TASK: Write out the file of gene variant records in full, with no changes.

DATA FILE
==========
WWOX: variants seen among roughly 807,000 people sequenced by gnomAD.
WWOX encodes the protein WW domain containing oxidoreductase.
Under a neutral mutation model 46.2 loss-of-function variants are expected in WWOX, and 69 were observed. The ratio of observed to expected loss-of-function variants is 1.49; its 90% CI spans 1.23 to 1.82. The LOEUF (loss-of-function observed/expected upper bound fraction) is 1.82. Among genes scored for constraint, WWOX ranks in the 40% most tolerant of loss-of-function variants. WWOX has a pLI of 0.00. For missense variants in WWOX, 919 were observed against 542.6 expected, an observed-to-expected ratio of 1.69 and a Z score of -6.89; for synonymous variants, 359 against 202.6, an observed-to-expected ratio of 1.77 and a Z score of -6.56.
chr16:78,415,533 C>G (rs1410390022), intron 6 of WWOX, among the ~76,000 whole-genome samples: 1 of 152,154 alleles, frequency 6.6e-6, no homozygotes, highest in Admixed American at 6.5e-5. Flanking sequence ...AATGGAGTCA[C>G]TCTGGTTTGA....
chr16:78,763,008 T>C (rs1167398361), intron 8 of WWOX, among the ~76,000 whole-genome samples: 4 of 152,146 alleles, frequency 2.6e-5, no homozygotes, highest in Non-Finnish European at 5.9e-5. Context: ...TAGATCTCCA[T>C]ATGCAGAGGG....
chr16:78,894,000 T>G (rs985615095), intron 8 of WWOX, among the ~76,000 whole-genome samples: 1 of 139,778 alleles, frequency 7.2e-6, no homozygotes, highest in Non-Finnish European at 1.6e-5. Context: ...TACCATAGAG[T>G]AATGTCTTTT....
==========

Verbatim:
WWOX: variants seen among roughly 807,000 people sequenced by gnomAD.
WWOX encodes the protein WW domain containing oxidoreductase.
Under a neutral mutation model 46.2 loss-of-function variants are expected in WWOX, and 69 were observed. The ratio of observed to expected loss-of-function variants is 1.49; its 90% CI spans 1.23 to 1.82. The LOEUF (loss-of-function observed/expected upper bound fraction) is 1.82. Among genes scored for constraint, WWOX ranks in the 40% most tolerant of loss-of-function variants. WWOX has a pLI of 0.00. For missense variants in WWOX, 919 were observed against 542.6 expected, an observed-to-expected ratio of 1.69 and a Z score of -6.89; for synonymous variants, 359 against 202.6, an observed-to-expected ratio of 1.77 and a Z score of -6.56.
chr16:78,415,533 C>G (rs1410390022), intron 6 of WWOX, among the ~76,000 whole-genome samples: 1 of 152,154 alleles, frequency 6.6e-6, no homozygotes, highest in Admixed American at 6.5e-5. Flanking sequence ...AATGGAGTCA[C>G]TCTGGTTTGA....
chr16:78,763,008 T>C (rs1167398361), intron 8 of WWOX, among the ~76,000 whole-genome samples: 4 of 152,146 alleles, frequency 2.6e-5, no homozygotes, highest in Non-Finnish European at 5.9e-5. Context: ...TAGATCTCCA[T>C]ATGCAGAGGG....
chr16:78,894,000 T>G (rs985615095), intron 8 of WWOX, among the ~76,000 whole-genome samples: 1 of 139,778 alleles, frequency 7.2e-6, no homozygotes, highest in Non-Finnish European at 1.6e-5. Context: ...TACCATAGAG[T>G]AATGTCTTTT....